Although the contrast between the two sessions was fascinating, Isaacson gave more a substantial examination of the state of AI, it’s impact on the world to date, and how to manage impacts to maximize opportunity while reducing harm. Isaacson predicted that healthcare, education, and finance are the three industries most ripe for disruption. His advice for young people was not to learn one narrow vertical, and to ensure that they were well-versed in critical and creative thinking. In short, arguing for STEAM education (science, technology, engineering, arts and mathematics) rather than STEM. Canada’s political leaders have echoed these comments, understanding both that skills training is crucial to support workers in fields that will be automated in the near-term, and that maintaining a blended focus on technology and humanities best positions students for the jobs of the future that will be created due to AI advances.
FinTech and the Transformation of Financial Services
FinTech and its emerging technologies were on everyone’s lips at the Springs Meetings. As technological advances are transforming the capital markets environment, from payments systems to robot financial advising, large financial institutions must become resilient and develop corporate agility to cope with the upcoming challenges.
Canada was represented on the panel with Mrs Wilkins, Senior Deputy Governor of the Bank of Canada. As a central banker, Mrs. Wilkins expressed her concerns about the impacts of blockchain technology, machine learning and artificial intelligence on financial stability. FinTech will inevitably change the structure of the capital markets but it will also have benefits for the once excluded and unbanked segments of the economy both in developed and emerging countries. In developing countries, Kenya for instance, the mobile payments system M-Pesa has reduced the gap between skilled and unskilled households’ access to financial services. However, these shadow banking institutions are hard to monitor for central banks as their role is to legislate policies and ensure financial stability in the banking sector. FinTech can help eradicate extreme poverty through financial inclusion, reduce the risks of instability caused by wealth inequalities and in the long term boost prosperity and inclusive growth.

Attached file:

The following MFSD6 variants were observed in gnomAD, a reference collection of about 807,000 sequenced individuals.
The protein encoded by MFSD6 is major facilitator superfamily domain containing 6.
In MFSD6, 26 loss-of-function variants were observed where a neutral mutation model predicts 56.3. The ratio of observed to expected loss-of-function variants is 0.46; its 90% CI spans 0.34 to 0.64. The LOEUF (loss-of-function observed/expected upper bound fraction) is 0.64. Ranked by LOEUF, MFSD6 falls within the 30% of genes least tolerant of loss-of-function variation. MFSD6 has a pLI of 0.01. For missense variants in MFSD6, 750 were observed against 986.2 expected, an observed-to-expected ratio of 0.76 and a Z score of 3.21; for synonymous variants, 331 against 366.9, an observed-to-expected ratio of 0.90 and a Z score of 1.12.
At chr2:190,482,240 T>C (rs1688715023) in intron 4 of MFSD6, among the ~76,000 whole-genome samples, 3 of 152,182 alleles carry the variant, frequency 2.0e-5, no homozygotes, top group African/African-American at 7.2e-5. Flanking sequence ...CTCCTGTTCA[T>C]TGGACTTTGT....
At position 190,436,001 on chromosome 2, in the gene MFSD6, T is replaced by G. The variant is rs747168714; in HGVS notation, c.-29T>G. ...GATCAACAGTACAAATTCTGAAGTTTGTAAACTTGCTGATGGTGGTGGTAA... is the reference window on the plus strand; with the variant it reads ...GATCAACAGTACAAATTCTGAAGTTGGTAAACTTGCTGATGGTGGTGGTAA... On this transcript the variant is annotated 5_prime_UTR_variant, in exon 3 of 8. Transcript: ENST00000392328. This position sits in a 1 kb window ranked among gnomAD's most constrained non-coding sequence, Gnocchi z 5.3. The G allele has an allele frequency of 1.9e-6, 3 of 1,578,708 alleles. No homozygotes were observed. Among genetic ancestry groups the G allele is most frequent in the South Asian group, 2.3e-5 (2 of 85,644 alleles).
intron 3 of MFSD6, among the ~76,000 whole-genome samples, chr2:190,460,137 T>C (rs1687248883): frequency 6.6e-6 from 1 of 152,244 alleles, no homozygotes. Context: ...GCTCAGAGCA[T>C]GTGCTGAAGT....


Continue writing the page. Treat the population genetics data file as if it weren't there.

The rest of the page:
The key message from the panelists was that technological advances, or creative destruction, have always been an integral part of capitalism. Banks, or at least the early adopters, will need to develop partnerships with FinTech providers if they want to enhance the efficiency of their financial technologies and survive in an increasingly competitive landscape.
Closing Gender Gap in Finance
Organized by the Toronto Centre for Global Leadership in Financial Supervision, this high level session aimed to highlight the importance of gender equality and women’s economic participation in order to ensure economic development and achieving the United Nations 2030 Sustainable Development Goals. These two principles are actually key drivers to eliminate the gaps in women’s access to and use of financial services that still persists in many countries. The session was primarily addressed to financial sector regulators, supervisors from central and affiliated organizations, official from international development agencies, as well as the board and staff of the WB and IMF. The panelists discussed how to close the gender gap in finance by first acknowledging that a gap in usage of financial services by women relative to men still persists. They also agreed that there is even larger gender gap in management of financial institutions. Then, they discussed the most effective policies and practices in order to increase access and usage by women. They agreed that this policy need to be local specific, adapted to a community or region’s needs. Furthermore, data collection and analysis especially regarding usage is essential to critically assess efforts. Finally, they affirmed that the promotion of women’s participation on boards and senior management teams of financial institution and financial supervision agencies is essential to expand perspectives at the top of an organization. Studies have proved that that companies with women directors deal more effectively with risk. Not only do they better address the concerns of customers, employees, shareholders, and the local community, but also, they tend to focus on long-term priorities. Female directors also serve as role models, and therefore, improve female employees’ performance and boost companies’ images. Finally, the promotion of financial boards with a broader composition represents the key milestone in order to achieve the Sustainable Development Goals.